CRI Scientists Help Unravel Mysteries of Ultra-Conserved DNA

Decoding Nature's Timeless DNA Puzzles - CRI Genetics Helps Unveil Some Secrets of Ultra-Conserved Elements

While you may know of CRI Genetics as a DNA testing service, the company was founded with the goal to continue deepening mankind's understanding of the human genome.

Today, we're excited and proud to share some of our latest findings on a fascinating aspect of DNA called ultra-conserved noncoding elements (UCNEs).

What the heck are UCNEs and why should I care?

UCNEs are small segments of DNA that have remained unchanged for over 300 million years across various animals, such as mammals and birds.

Unlike many important pieces of our DNA, UCNEs don't code for proteins. So, what makes them so significant?

A recent study by CRI Genetics scientists, published in the scientific journal Genes, has shed light on the importance of UCNEs and revealed some remarkable discoveries.

UCNEs play a crucial role in regulating gene expression, which means understanding them could potentially help us find new ways to treat diseases like cancer, neurological disorders, and developmental disorders... Someday.

Identifying and Understanding UCNEs

CRI Genetics' own Alexei Fedorov, along with his team of CRI scientists, identified UCNEs by searching for DNA sequences that are identical in different species, such as humans and mice. They also ensured these sequences didn't have any repetitive DNA segments or resemble other ultra-conserved elements.

Although UCNEs contain numerous tiny changes called mutations, only a handful of these have been linked to diseases or other biological conditions. This raised questions about why UCNEs have so many mutations yet remain unchanged across different species.

In the recent CRI study, Alexei and his team discovered that the unique composition of UCNEs might result in a distinctive DNA structure. They believe this special structure could be the key to the important biological roles UCNEs play in gene regulation.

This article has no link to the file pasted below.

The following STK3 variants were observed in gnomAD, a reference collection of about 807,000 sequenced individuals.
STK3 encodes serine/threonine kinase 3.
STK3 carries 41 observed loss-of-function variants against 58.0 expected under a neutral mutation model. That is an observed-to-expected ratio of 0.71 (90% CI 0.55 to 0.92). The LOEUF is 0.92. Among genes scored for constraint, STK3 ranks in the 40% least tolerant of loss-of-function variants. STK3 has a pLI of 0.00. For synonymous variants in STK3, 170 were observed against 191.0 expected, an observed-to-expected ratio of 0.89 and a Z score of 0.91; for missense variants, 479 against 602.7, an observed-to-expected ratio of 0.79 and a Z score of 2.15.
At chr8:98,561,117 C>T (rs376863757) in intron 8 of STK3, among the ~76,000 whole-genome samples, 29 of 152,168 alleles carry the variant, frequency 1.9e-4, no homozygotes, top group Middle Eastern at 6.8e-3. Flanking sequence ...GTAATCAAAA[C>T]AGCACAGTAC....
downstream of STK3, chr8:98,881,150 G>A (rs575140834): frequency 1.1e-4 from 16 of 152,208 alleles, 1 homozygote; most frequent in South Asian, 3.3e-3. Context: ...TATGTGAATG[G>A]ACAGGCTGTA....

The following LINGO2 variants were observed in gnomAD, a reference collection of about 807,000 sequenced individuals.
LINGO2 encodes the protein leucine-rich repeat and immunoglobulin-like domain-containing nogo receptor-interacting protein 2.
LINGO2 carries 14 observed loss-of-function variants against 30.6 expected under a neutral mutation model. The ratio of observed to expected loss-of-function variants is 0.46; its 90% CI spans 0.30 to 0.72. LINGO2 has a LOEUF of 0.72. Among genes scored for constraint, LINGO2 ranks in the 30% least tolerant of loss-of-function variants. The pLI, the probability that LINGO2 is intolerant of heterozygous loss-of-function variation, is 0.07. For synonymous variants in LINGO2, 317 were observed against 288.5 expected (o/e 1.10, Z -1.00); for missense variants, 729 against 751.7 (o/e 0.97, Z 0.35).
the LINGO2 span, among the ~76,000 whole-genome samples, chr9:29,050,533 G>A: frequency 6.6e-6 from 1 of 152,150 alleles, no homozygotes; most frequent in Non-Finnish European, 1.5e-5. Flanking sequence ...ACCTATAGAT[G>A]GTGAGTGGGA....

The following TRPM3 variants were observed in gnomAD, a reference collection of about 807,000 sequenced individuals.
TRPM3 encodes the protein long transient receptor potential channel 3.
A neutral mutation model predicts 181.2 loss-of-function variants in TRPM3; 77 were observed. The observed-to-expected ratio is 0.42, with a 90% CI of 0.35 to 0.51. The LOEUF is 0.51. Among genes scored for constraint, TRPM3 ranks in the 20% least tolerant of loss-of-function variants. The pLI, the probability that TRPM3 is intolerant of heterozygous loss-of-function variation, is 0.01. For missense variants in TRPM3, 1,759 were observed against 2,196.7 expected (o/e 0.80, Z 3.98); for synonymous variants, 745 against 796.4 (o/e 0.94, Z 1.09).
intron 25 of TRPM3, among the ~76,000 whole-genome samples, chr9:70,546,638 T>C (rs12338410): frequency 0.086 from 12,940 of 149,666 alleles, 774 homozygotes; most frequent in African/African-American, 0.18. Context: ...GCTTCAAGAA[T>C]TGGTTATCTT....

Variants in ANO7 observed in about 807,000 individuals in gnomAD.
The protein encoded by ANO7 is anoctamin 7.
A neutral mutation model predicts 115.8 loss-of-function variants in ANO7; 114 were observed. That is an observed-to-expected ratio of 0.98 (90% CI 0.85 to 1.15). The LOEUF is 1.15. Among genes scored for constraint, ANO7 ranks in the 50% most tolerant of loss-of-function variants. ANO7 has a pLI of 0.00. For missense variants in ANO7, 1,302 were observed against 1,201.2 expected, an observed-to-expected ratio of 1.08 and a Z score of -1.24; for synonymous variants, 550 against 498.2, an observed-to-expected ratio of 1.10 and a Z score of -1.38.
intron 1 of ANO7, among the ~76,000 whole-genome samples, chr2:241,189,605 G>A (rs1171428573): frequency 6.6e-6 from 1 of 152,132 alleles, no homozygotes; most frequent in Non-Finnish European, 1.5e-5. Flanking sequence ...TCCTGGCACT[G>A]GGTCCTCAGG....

Exploring the Mystery of UCNE Conservation

Alexei and his team found that each person has over 300 mutations within the 4,271 UCNEs present in human DNA. They also observed that some of these mutations are rare, while others are more common. This led them to question why UCNEs have so many mutations yet remain conserved across different species.

To explain this mystery, they proposed two hypotheses...

The first hypothesis suggests that natural selection might help maintain UCNE conservation. "Natural selection" is a process where traits that help us survive get passed on to our kids and those traits become more and more common over time. The fact that some UCNEs remain unchanged from generation to generation over millions of years COULD mean that they play a vital role in our survival.

The second hypothesis suggests that some unknown molecular process might be at play. This would mean something other than natural selection is happening at the tiniest levels within our cells that causes UCNEs to remain unchanged for so long and across so many different species.

Regardless of the reason, there's still much to learn about these remarkable ultra-conserved elements of our DNA.

Implications and Future Applications of the Findings

So, what is the coolest discovery from this recent study by CRI Genetics scientists? The discovery that UCNEs have a unique nucleotide pattern that could result in a special 3D shape.

This distinctive shape might enable UCNEs to regulate gene expression, which could explain their extraordinary conservation over millions of years. Gene expression is the process of turning certain genes "on" or "off" to control when and how they perform whatever function they're supposed to perform.

A better understanding of UCNEs could help find new ways to diagnose diseases, develop new drugs, and control gene expression in gene therapy. Studying UCNEs could also provide valuable insights into the evolution of gene regulation, which is essential for understanding the development of complex organisms like us.

We're proud to share some of OUR work in genetic research with you and we remain committed to unlocking the secrets of the human genome. Stay tuned for more exciting discoveries from CRI Genetics!